Prof Kenneth Wann - BSc PhD
I graduated in Physiology from Aberdeen University and remained there to establish an electrophysiology laboratory as a PhD student. I was appointed to a lectureship in 1972. I then moved to the Welcome Foundation Laboratories in Beckenham where I was employed as a senior scientist / electrophysiologist from 1982-1986. In July 1986 I returned as a Reader to Academia to the MRC Clinical Research centre in Northwick Park, London. Whilst based in the division of Anaesthesia there I revisited a former interest of mine - that of high pressure studies. I had a short spell in the James Black Foundation in London in 1990-1991 before moving to the Department of Physiology in the Royal Free Hospital Medical School (now the Royal Free and University College Medical School).
I took up my present post as a cellular Physiologist / Pharmacologist in the School of Pharmacy in Cardiff University in 1996. I have acted as consultant to many of the major Pharmaceutical Companies including Pfizer, Roche, Wellcome, Johnson and Johnson, Pharmacia, Upjohn, Wyeth and the James Black Foundation.
My specific scientific interests include membrane potassium channels, cardiac arrhythmias, cell death, bacterial signalling, neurodegenerative diseases and epilepsy. I have specific knowledge of ion channel-targeted drugs and have first hand experience of drug design programmes in areas such as epilepsy, stroke, cardiac arrhythmia and parasitic diseases and pesticides. Current work focuses on the role of ion channels in disease and bacterial signalling.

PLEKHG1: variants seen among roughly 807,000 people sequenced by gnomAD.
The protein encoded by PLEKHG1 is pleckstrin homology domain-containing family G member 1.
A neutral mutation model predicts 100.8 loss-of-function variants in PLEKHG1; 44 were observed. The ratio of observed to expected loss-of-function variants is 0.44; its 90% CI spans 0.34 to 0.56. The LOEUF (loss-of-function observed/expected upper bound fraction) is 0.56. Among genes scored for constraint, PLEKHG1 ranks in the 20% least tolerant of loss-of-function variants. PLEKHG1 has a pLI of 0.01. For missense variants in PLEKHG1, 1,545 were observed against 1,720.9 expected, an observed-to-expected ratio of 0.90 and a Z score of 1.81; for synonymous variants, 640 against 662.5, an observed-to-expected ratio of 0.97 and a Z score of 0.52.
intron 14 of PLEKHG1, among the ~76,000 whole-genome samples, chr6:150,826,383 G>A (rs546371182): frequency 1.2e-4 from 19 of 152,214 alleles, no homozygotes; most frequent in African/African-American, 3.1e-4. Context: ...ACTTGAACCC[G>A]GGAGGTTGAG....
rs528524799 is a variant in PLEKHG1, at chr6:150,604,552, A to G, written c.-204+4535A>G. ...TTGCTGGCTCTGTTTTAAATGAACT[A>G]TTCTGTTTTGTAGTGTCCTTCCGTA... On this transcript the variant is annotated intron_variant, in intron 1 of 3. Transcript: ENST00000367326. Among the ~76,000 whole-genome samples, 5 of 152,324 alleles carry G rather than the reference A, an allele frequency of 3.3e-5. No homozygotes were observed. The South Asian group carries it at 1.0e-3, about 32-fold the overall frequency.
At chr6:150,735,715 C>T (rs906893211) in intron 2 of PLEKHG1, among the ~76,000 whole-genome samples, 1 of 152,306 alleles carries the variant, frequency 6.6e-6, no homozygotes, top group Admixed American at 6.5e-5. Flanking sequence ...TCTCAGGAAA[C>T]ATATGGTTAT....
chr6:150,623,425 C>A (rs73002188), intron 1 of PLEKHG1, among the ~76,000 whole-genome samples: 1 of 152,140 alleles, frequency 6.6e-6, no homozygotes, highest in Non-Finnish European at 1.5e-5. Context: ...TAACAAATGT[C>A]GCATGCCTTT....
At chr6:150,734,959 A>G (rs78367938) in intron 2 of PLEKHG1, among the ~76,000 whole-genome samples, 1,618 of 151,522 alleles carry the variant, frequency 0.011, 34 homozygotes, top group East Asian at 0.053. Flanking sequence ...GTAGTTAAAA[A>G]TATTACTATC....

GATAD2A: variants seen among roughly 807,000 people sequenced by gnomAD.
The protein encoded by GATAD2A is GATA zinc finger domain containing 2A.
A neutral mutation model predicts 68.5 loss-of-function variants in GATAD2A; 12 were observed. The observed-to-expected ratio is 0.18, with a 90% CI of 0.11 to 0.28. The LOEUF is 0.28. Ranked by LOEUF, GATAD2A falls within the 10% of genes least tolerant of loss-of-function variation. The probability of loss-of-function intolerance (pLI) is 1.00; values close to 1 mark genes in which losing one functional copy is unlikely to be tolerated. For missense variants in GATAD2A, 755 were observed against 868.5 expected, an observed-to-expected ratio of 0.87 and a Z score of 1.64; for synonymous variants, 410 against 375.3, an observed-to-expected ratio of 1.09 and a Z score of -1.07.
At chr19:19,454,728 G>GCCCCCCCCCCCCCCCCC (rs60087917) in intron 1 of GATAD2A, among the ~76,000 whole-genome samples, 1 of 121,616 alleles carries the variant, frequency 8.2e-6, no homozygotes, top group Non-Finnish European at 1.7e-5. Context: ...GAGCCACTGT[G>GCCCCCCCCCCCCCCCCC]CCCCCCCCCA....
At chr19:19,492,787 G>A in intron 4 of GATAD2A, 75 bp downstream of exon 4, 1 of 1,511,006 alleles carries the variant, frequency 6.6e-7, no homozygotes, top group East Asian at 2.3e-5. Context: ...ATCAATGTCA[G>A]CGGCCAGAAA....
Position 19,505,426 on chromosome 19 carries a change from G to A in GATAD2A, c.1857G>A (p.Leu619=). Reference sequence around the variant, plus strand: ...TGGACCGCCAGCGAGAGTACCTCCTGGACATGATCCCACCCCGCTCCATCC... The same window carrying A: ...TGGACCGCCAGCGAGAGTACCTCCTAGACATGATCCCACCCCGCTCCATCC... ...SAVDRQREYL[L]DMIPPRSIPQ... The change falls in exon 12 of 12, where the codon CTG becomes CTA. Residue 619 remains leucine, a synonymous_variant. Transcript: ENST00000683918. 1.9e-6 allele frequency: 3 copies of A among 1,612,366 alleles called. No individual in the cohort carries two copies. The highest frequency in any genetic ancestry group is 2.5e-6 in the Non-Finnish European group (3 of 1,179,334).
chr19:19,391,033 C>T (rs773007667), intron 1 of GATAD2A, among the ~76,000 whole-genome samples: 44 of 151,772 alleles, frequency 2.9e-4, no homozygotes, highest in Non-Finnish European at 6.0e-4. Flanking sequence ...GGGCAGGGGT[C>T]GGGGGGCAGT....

I have previously served on several Research Council Committees, have served as an MRC Advisory Board member and on the UK Medical Research Council College of Experts for the Physiological Systems and Clinical Sciences panel.
Other major work / social distractions include:
Marine Laboratories where I have worked
Group Away Days
left to Right Miss Bo Li, Pablo Reviriego, Neil Henny
Public Understanding of Science (The Darwin Centre for Biology and Medicine)
Hills / Mountains